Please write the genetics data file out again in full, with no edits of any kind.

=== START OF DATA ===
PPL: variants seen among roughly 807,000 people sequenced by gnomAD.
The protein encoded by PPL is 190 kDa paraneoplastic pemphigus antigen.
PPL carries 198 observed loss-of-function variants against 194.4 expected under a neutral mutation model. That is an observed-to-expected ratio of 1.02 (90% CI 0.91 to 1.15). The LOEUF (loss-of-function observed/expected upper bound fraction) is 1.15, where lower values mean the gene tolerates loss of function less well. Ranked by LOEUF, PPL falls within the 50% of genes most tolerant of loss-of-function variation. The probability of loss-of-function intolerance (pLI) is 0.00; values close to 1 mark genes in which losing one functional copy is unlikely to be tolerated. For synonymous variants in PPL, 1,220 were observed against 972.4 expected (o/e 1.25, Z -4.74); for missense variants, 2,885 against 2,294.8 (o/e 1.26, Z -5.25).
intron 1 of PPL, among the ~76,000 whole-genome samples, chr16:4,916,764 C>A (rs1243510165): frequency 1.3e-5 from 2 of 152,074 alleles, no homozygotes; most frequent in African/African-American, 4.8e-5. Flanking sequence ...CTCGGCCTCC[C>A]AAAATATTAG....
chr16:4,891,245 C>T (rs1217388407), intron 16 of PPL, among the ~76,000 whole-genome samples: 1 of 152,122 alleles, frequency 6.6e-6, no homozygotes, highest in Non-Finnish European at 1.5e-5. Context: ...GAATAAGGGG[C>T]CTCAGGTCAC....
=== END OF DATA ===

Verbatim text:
PPL: variants seen among roughly 807,000 people sequenced by gnomAD.
The protein encoded by PPL is 190 kDa paraneoplastic pemphigus antigen.
PPL carries 198 observed loss-of-function variants against 194.4 expected under a neutral mutation model. That is an observed-to-expected ratio of 1.02 (90% CI 0.91 to 1.15). The LOEUF (loss-of-function observed/expected upper bound fraction) is 1.15, where lower values mean the gene tolerates loss of function less well. Ranked by LOEUF, PPL falls within the 50% of genes most tolerant of loss-of-function variation. The probability of loss-of-function intolerance (pLI) is 0.00; values close to 1 mark genes in which losing one functional copy is unlikely to be tolerated. For synonymous variants in PPL, 1,220 were observed against 972.4 expected (o/e 1.25, Z -4.74); for missense variants, 2,885 against 2,294.8 (o/e 1.26, Z -5.25).
intron 1 of PPL, among the ~76,000 whole-genome samples, chr16:4,916,764 C>A (rs1243510165): frequency 1.3e-5 from 2 of 152,074 alleles, no homozygotes; most frequent in African/African-American, 4.8e-5. Flanking sequence ...CTCGGCCTCC[C>A]AAAATATTAG....
chr16:4,891,245 C>T (rs1217388407), intron 16 of PPL, among the ~76,000 whole-genome samples: 1 of 152,122 alleles, frequency 6.6e-6, no homozygotes, highest in Non-Finnish European at 1.5e-5. Context: ...GAATAAGGGG[C>T]CTCAGGTCAC....